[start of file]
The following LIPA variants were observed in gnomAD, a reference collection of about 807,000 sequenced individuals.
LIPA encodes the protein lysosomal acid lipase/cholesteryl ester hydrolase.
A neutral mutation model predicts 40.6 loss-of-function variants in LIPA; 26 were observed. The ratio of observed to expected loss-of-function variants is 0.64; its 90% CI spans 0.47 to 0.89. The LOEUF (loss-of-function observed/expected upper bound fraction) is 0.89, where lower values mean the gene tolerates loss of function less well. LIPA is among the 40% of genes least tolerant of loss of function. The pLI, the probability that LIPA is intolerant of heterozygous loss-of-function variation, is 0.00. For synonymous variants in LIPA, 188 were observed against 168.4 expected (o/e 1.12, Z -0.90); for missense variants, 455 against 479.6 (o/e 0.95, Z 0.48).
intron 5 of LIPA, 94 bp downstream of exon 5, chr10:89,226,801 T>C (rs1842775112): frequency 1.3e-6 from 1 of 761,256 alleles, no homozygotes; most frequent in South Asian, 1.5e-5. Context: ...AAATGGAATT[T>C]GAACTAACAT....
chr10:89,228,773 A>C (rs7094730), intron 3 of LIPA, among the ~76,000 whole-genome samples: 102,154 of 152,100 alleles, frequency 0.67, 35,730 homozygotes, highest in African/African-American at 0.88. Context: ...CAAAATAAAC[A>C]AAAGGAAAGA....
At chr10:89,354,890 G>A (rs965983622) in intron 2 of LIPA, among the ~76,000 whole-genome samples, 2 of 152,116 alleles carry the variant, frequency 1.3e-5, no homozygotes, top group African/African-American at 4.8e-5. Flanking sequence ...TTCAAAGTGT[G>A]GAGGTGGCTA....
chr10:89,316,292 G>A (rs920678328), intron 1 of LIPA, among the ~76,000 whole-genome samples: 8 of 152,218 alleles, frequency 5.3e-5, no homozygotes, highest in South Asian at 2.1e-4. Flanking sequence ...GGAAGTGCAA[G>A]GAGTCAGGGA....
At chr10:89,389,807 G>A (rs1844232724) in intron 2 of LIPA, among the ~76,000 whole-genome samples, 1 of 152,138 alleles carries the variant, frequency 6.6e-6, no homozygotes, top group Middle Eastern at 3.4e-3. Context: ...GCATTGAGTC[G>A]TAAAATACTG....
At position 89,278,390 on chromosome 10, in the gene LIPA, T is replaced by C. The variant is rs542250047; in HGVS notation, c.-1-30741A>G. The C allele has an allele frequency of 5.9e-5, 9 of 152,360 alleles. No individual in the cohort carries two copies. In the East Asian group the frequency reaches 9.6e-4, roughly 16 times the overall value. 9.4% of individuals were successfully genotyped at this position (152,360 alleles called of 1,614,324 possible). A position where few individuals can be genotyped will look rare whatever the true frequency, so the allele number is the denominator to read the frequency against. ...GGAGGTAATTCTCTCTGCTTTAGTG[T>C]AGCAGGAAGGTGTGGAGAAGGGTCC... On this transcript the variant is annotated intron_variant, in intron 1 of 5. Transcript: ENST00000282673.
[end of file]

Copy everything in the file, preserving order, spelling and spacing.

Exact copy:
The following LIPA variants were observed in gnomAD, a reference collection of about 807,000 sequenced individuals.
LIPA encodes the protein lysosomal acid lipase/cholesteryl ester hydrolase.
A neutral mutation model predicts 40.6 loss-of-function variants in LIPA; 26 were observed. The ratio of observed to expected loss-of-function variants is 0.64; its 90% CI spans 0.47 to 0.89. The LOEUF (loss-of-function observed/expected upper bound fraction) is 0.89, where lower values mean the gene tolerates loss of function less well. LIPA is among the 40% of genes least tolerant of loss of function. The pLI, the probability that LIPA is intolerant of heterozygous loss-of-function variation, is 0.00. For synonymous variants in LIPA, 188 were observed against 168.4 expected (o/e 1.12, Z -0.90); for missense variants, 455 against 479.6 (o/e 0.95, Z 0.48).
intron 5 of LIPA, 94 bp downstream of exon 5, chr10:89,226,801 T>C (rs1842775112): frequency 1.3e-6 from 1 of 761,256 alleles, no homozygotes; most frequent in South Asian, 1.5e-5. Context: ...AAATGGAATT[T>C]GAACTAACAT....
chr10:89,228,773 A>C (rs7094730), intron 3 of LIPA, among the ~76,000 whole-genome samples: 102,154 of 152,100 alleles, frequency 0.67, 35,730 homozygotes, highest in African/African-American at 0.88. Context: ...CAAAATAAAC[A>C]AAAGGAAAGA....
At chr10:89,354,890 G>A (rs965983622) in intron 2 of LIPA, among the ~76,000 whole-genome samples, 2 of 152,116 alleles carry the variant, frequency 1.3e-5, no homozygotes, top group African/African-American at 4.8e-5. Flanking sequence ...TTCAAAGTGT[G>A]GAGGTGGCTA....
chr10:89,316,292 G>A (rs920678328), intron 1 of LIPA, among the ~76,000 whole-genome samples: 8 of 152,218 alleles, frequency 5.3e-5, no homozygotes, highest in South Asian at 2.1e-4. Flanking sequence ...GGAAGTGCAA[G>A]GAGTCAGGGA....
At chr10:89,389,807 G>A (rs1844232724) in intron 2 of LIPA, among the ~76,000 whole-genome samples, 1 of 152,138 alleles carries the variant, frequency 6.6e-6, no homozygotes, top group Middle Eastern at 3.4e-3. Context: ...GCATTGAGTC[G>A]TAAAATACTG....
At position 89,278,390 on chromosome 10, in the gene LIPA, T is replaced by C. The variant is rs542250047; in HGVS notation, c.-1-30741A>G. The C allele has an allele frequency of 5.9e-5, 9 of 152,360 alleles. No individual in the cohort carries two copies. In the East Asian group the frequency reaches 9.6e-4, roughly 16 times the overall value. 9.4% of individuals were successfully genotyped at this position (152,360 alleles called of 1,614,324 possible). A position where few individuals can be genotyped will look rare whatever the true frequency, so the allele number is the denominator to read the frequency against. ...GGAGGTAATTCTCTCTGCTTTAGTG[T>C]AGCAGGAAGGTGTGGAGAAGGGTCC... On this transcript the variant is annotated intron_variant, in intron 1 of 5. Transcript: ENST00000282673.